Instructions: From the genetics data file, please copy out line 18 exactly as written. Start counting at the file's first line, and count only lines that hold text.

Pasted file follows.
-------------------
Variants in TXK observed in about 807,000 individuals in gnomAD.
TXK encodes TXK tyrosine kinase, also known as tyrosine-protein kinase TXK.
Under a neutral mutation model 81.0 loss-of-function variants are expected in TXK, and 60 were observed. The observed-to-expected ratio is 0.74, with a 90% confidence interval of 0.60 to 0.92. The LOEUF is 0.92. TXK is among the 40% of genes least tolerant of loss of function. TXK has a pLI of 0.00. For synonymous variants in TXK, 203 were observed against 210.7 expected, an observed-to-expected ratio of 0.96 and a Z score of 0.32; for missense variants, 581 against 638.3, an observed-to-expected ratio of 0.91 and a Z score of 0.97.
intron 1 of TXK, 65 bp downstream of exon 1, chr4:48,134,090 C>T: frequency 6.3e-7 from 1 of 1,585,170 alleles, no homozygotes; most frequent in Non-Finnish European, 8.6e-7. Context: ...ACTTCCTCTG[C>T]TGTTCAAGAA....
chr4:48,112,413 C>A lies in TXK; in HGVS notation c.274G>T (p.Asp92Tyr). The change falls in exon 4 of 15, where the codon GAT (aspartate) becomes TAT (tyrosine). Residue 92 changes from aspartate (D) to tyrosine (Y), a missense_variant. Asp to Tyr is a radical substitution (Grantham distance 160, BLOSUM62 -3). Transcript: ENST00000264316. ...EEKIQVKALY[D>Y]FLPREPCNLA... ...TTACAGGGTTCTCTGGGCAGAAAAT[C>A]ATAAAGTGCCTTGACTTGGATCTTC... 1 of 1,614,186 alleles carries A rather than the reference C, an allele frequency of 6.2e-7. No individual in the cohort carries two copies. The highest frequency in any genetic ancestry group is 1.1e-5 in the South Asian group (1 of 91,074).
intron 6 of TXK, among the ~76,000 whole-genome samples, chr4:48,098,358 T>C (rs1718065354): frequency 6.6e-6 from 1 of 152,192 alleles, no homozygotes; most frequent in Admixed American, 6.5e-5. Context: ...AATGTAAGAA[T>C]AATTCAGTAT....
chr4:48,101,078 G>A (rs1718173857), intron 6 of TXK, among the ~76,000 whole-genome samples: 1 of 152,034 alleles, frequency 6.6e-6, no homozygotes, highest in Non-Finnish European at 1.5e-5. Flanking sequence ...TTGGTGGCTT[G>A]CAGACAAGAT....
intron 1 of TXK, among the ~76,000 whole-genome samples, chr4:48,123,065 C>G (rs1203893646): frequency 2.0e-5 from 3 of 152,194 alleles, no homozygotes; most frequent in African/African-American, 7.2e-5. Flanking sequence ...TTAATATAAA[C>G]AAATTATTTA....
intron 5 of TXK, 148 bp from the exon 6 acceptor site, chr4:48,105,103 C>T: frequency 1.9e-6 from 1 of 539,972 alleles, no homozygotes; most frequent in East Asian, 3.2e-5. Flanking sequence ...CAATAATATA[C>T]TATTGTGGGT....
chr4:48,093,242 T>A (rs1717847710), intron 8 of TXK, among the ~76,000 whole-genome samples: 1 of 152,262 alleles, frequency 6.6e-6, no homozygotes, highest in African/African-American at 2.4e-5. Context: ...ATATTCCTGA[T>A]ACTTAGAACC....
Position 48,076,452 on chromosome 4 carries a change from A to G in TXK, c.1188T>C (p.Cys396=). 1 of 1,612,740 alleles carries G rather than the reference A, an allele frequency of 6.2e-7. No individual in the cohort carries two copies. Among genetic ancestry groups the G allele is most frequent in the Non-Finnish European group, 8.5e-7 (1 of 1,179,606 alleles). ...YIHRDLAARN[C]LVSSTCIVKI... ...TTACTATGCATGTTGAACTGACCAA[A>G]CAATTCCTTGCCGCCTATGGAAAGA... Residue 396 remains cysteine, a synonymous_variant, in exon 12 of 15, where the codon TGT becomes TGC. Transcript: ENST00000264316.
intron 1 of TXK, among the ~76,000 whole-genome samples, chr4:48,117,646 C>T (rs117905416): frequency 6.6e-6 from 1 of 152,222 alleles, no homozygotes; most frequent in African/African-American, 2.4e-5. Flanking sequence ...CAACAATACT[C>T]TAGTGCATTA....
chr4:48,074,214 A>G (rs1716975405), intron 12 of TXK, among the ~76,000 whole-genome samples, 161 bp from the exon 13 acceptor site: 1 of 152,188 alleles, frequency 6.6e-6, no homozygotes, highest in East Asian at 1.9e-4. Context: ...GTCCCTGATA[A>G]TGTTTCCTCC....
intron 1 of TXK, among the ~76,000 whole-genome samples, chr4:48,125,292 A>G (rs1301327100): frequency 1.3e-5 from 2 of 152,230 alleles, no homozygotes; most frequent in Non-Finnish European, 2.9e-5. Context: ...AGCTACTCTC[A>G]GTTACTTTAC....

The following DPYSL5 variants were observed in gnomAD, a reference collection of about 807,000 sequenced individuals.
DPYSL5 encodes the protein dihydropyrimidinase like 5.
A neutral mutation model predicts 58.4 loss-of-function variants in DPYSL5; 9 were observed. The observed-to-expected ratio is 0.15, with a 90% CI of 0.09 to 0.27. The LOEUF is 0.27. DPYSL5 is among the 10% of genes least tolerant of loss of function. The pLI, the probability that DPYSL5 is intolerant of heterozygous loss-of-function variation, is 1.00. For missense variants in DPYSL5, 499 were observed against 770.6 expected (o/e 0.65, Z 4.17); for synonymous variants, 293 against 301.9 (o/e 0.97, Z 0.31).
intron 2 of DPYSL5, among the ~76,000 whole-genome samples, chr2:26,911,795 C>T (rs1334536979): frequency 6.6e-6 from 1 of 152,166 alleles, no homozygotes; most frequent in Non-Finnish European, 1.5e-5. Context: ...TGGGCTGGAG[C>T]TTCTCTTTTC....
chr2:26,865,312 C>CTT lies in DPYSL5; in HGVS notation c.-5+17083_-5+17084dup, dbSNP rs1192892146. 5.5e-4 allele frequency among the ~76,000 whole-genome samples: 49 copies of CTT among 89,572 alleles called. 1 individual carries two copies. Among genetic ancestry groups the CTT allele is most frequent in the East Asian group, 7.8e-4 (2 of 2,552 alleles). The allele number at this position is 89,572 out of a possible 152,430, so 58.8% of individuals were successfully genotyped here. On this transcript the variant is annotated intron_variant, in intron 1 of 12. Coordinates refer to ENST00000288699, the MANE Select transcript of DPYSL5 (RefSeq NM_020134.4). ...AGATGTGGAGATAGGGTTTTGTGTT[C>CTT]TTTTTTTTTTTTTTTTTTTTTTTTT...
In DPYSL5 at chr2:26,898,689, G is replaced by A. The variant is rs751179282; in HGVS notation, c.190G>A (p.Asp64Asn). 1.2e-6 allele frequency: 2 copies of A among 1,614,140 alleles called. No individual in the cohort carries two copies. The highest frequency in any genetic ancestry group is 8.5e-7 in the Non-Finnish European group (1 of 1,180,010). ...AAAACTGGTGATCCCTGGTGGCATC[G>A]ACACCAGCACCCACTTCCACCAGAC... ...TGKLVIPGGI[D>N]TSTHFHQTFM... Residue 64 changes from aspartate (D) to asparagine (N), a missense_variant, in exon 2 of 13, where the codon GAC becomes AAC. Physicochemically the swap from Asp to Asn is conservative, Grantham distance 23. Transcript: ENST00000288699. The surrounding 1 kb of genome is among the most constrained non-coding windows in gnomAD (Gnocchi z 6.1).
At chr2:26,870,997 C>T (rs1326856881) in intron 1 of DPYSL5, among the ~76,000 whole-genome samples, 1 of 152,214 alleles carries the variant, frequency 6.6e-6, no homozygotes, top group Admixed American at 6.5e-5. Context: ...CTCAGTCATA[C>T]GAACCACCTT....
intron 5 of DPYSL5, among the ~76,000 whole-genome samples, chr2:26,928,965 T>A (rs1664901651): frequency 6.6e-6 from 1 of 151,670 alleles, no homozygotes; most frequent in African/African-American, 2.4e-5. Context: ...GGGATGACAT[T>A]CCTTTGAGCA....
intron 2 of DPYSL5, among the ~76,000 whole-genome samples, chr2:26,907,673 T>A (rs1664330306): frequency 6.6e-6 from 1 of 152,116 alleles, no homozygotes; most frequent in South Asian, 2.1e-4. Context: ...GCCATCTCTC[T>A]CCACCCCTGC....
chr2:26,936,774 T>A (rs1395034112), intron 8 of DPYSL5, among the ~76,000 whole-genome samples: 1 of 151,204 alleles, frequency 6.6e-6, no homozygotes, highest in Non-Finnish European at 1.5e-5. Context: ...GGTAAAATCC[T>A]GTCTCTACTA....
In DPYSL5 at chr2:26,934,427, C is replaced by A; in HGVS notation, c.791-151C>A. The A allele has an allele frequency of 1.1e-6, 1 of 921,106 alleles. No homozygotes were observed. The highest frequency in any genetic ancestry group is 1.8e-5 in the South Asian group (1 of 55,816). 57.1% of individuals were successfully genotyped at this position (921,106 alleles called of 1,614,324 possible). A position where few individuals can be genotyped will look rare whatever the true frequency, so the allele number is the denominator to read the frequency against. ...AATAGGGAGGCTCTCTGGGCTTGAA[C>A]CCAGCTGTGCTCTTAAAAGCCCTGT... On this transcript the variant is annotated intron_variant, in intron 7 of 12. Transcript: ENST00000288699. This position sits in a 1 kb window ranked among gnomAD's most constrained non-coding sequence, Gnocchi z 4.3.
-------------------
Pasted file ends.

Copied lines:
intron 2 of DPYSL5, among the ~76,000 whole-genome samples, chr2:26,911,795 C>T (rs1334536979): frequency 6.6e-6 from 1 of 152,166 alleles, no homozygotes; most frequent in Non-Finnish European, 1.5e-5. Context: ...TGGGCTGGAG[C>T]TTCTCTTTTC....